Creating a solid project plan to assign the work
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NASA engineers are developing the James Webb Telescope and are taking attention to detail to an unimaginable level. This new Cosmic telescope, the latest advance in space exploration, is made up of 18 segments. these segments form the mirror for the telescope. To assure operation in the harshest environment of outer space, the mirror’s segments must not warp in the -415 degree Fahrenheit temps. So how does the relate to effective management?
Think about this engineering phenomenon. The telescope’s critical mirror segments “must hold their shape against warping to within a 25 billionth of a meter!” If not, the telescope will not operate properly in the frigid conditions of outer space. It’s very hard to conceive of a 25 billionth, let alone resisting warping at those extremes.
In business, and in effective management, very few projects or assignments require this exacting a standard. Most well conceived project plans do require a very clear detailed layout covering all the important steps and actions. Effective delegation of project assignments and execution depend on this specific plan.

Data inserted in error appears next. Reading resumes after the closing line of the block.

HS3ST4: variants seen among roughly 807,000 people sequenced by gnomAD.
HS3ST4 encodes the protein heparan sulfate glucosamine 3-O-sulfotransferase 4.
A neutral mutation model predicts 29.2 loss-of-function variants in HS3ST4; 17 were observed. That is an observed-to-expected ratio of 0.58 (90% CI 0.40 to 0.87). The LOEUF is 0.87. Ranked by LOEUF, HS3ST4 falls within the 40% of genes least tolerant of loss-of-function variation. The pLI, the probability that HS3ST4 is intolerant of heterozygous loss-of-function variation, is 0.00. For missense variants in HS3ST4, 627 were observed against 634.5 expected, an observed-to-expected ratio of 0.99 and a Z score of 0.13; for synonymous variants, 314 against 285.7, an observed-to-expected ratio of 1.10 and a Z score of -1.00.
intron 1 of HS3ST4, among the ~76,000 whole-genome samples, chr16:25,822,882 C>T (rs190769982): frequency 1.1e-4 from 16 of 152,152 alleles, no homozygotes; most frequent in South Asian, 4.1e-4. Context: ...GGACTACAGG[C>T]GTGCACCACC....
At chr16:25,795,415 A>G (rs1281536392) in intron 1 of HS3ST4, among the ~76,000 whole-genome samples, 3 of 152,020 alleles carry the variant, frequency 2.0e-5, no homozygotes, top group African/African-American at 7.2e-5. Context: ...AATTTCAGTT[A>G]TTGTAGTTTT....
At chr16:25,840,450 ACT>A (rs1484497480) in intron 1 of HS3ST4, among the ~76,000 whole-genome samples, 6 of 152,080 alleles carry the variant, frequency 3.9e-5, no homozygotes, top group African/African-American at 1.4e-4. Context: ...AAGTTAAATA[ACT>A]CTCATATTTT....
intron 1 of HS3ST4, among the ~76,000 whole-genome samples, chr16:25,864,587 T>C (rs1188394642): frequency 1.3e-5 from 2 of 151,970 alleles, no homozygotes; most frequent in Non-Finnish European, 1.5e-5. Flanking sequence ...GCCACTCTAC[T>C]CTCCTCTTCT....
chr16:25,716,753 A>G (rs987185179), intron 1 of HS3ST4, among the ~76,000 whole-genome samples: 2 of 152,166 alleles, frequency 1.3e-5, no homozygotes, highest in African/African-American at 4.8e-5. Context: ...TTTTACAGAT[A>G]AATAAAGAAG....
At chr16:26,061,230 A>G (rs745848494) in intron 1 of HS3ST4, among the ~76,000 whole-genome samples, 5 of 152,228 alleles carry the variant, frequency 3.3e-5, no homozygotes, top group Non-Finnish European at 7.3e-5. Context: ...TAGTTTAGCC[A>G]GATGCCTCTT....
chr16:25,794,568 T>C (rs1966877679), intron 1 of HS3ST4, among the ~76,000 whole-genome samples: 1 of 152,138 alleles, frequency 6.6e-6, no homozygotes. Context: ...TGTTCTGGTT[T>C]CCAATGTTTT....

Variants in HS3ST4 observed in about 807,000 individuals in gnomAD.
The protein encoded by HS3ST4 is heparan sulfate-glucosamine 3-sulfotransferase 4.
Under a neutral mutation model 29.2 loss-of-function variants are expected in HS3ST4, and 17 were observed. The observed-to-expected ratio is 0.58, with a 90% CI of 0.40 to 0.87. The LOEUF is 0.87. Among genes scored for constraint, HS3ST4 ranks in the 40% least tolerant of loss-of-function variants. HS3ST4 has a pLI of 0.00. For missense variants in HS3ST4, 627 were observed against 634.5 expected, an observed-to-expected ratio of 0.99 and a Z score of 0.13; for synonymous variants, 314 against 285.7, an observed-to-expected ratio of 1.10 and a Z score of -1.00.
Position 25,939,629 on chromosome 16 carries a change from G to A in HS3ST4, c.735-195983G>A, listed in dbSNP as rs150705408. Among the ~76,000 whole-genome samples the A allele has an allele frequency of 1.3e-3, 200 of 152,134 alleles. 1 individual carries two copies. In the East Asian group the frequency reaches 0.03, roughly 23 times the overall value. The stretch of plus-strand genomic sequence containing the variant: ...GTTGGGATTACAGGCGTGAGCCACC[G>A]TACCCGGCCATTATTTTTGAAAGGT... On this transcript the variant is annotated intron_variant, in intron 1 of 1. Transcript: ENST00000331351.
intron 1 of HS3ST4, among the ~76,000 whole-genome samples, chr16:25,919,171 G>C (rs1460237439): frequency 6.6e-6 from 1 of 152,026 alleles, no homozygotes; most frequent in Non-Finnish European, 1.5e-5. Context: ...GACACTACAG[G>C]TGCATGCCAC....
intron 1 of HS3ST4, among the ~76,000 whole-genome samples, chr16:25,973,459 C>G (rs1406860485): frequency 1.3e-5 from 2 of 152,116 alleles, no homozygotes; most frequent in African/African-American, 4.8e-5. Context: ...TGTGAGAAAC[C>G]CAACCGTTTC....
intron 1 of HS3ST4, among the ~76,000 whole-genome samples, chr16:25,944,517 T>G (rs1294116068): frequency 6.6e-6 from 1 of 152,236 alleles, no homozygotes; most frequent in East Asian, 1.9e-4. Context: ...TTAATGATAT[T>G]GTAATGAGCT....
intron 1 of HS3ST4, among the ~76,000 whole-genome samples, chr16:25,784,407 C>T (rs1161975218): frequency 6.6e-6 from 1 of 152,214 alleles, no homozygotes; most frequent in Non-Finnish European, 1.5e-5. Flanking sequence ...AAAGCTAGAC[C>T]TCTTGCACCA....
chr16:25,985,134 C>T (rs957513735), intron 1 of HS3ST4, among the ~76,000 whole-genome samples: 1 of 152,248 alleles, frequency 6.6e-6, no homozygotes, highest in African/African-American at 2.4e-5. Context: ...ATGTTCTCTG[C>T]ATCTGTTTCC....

Few organizations today are achieving anywhere near their full potential. A limited number could be described as representing a high-productivity team. There are many skills and abilities that a manager requires to build and lead a high-performance team. One such core competency is project planning leading to execution management.
The best managers have something near a passion for building a truly high-performance Plan of Action.
From critical complex projects to the important day-to-day work of their business unit, assignments must be well conceived and tightly aligned to bring about the desired results.
What if managers approached their thinking around the Project Plans like NASA engineers designing and building the James Webb Telescope? Once the manager has completed the initial draft of their Project Plan, the manager would then challenge themselves and their key people with this question. “Suppose the execution of our business plan, in order to reach the objective and operate properly, had to meet tolerances withing a 25 billionth of a meter? What would our Project Plan have to look like and what would we need to do differently to execute at this level”?
Changing what a project plan looks like
Would this lead to more effective management and productive execution of plans and assignments? I think it would change the paradigm of what project plans looked like. It would advance execution management to a higher level. A manager who challenges themselves and their team with this criteria will release fresh creativity, new insights and better business plans. Managers need to raise the bar in order to achieve anything approaching high-performance excellence. a 25 billionth might just be the catalyst.
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